9 Because the CFMA speaks in terms of a “broker or dealer,” the term “BD” as used in this release applies equally to a broker, a dealer or a person registered as both a broker and a dealer.Back to Citation
10 See Notice Registration as a Futures Commission Merchant or Introducing Broker for Certain Securities Brokers or Dealers, 66 FR 27476 (May 17, 2001). Section 4k(1) of the Act generally requires each person who is an associated person (“AP”) of an FCM or IB to register as such. The CFMA exempts from registration the APs of FCMs and IBs who would be subject to notice registration.Back to Citation
11 As set forth in section 252(b) of the CFMA.Back to Citation
12 Of course, an FT is restricted to executing orders for his or her own account and the Commission does not view this provision of the CFMA as expanding the scope of activities in which an FT may engage.Back to Citation
13 As set forth in section 252(c) of the CFMA.Back to Citation
14 Those provisions include: section 4c(b)— regulation of commodity options trading by the Commission; Section 4c(d)—dealer options exemption; Section 4c(e)—Commission authority to ban dealer options; Section 4c(g)—requirement for contemporaneous written record of all orders for execution on the floor or subject to the rules of a designated contract market or DTF; Section 4d—registration requirements for FCMs and IBs and customer funds segregation requirement for FCMs; Section 4e—registration requirement for FBs and FTs; Section 4h—prohibition of misrepresentation that a person is a member of a registered entity, that a person is registered with the Commission, or that a futures contract will be or has been executed on a registered entity; Section 4f(b)—FCM and IB minimum financial requirements; Section 4f(c)—FCM risk assessment requirement; Section 4j—restrictions on dual trading in security futures products; Section 4k(1)—registration requirement for APs of FCMs and IBs; Section 4p—proficiency testing and ethics training requirements for registrants; Section 6d—State causes of action under the Act and Commission right to intervene or appeal; Section 8(d)—Commission's obligation to investigate commodity marketing conditions and to furnish reports to producers, consumers and distributors; Section 8(g)—Commission obligation to disclose information concerning registrants to State governments and political subdivisions thereof; and Section 16—Commission authority to investigate markets and to furnish reports to the public on a regular basis. APs of BDs who limit their futures-related activities to security futures products are also exempt from registration under the Act and the same provisions of the Act and rules thereunder cited in this footnote. See section 252(d) of the CFMA.Back to Citation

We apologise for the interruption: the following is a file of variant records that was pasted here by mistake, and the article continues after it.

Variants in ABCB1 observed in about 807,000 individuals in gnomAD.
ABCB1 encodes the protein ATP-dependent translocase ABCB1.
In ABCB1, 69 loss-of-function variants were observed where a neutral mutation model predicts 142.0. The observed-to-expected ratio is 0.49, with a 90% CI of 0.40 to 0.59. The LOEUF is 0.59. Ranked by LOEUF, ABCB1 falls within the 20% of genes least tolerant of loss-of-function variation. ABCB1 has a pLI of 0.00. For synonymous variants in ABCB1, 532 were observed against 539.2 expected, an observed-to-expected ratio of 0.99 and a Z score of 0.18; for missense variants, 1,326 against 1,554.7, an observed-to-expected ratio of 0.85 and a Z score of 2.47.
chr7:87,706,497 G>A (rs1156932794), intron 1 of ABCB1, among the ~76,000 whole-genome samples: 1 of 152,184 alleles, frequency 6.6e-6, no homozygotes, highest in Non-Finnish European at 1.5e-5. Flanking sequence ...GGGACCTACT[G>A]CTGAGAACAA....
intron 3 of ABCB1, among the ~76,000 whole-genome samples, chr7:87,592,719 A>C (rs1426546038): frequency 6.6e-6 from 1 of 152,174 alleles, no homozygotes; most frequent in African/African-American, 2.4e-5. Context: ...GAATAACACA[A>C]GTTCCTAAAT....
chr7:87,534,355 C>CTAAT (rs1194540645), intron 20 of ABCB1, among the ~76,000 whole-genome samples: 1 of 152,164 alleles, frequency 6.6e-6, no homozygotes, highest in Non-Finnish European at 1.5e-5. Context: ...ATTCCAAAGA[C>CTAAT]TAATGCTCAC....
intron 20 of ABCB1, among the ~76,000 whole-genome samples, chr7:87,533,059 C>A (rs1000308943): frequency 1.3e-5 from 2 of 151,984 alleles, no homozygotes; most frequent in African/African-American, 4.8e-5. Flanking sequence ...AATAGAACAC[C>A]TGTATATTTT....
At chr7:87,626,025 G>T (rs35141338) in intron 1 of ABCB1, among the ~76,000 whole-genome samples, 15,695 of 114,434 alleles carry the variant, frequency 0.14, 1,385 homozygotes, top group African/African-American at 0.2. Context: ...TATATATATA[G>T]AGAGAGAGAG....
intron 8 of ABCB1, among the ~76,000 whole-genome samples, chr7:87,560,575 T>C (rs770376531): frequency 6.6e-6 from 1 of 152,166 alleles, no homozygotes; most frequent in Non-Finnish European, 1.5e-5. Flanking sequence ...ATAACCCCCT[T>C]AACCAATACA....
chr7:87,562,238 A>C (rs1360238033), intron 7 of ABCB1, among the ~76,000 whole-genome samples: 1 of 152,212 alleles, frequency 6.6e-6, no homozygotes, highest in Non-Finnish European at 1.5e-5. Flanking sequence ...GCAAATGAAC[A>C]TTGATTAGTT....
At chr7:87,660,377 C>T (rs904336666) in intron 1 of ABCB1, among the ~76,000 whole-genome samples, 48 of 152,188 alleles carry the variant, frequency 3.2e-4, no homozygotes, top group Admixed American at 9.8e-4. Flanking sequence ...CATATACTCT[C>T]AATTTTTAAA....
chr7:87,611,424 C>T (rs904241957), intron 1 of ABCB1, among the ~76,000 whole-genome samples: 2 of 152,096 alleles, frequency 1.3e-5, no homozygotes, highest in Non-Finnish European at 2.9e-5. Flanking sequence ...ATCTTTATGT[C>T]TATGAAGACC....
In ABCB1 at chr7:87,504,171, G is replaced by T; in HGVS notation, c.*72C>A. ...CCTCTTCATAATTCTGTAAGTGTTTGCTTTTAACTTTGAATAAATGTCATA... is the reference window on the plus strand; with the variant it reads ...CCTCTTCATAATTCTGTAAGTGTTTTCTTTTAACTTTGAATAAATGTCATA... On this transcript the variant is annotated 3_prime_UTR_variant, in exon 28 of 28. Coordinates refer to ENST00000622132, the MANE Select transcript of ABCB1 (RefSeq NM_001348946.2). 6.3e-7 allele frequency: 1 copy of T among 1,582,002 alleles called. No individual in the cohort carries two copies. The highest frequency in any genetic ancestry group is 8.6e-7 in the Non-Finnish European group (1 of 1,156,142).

15 The final subparagraph of new section 4f(a)(4) provides that: (1) A person that is notice-registered as an FCM or IB pursuant to new section 4f(a)(2) or an AP thereof, or that is an FB or FT exempt from registration under new section 4f(a)(3), need not become a member of a registered futures association; and (2) a registered futures association may not prevent its members from transacting business with a person that is exempt under new sections 4f(a)(2) or (a)(3).Back to Citation
16 New section 4f(a)(4)(B)(ii) of the Act, as set forth in section 252(c) of the CFMA. The statute gives the Commission discretion to decline to entertain an application for such an order.Back to Citation
17 See Exemption for Certain Brokers or Dealers from Provisions of the Commodity Exchange Act and CFTC Regulations, 66 FR 20118 (April 19, 2001) (the “Proposing Release”).Back to Citation
18 The CFMA places no corresponding obligation upon the SEC.Back to Citation
19 As noted in the Proposing Release, exemption from the sections of the Act listed in Section 4f(a)(4)(A) is automatic, and it is therefore unnecessary for persons to request exemptive orders with respect to those sections or the rules that were adopted thereunder.Back to Citation
20 See Designated Contract Markets in Security Futures Products; Notice Designation Requirements, Continuing Obligations, Applications for Exemptive Orders, and Exempt Provisions, 66 FR 29517 (May 31, 2001).Back to Citation
21 Proposed Regulation to Restrict Dual Trading in Security Futures Products, 66 FR 36218 (July 11, 2001).Back to Citation
22 The comment with respect to Rule 1.62 is also moot, as a result of the enactment of the CFMA and the proposed new regulatory framework. See note 22, supra.Back to Citation
23 See note 20, supra.Back to Citation
24 Ibid.Back to Citation
25 47 FR 18618-21 (April 30, 1982).Back to Citation
26 47 FR at 18619-20.Back to Citation
27 47 FR at 18618, 18620.Back to Citation
29 These considerations include: (A) Protection of market participants and the public; (B) efficiency, competitiveness, and financial integrity of futures markets; (C) price discovery; (D) sound risk management practices; and (E) other public interest considerations.Back to Citation
[FR Doc. 01-20629 Filed 8-16-01; 8:45 am]
BILLING CODE 6351-01-P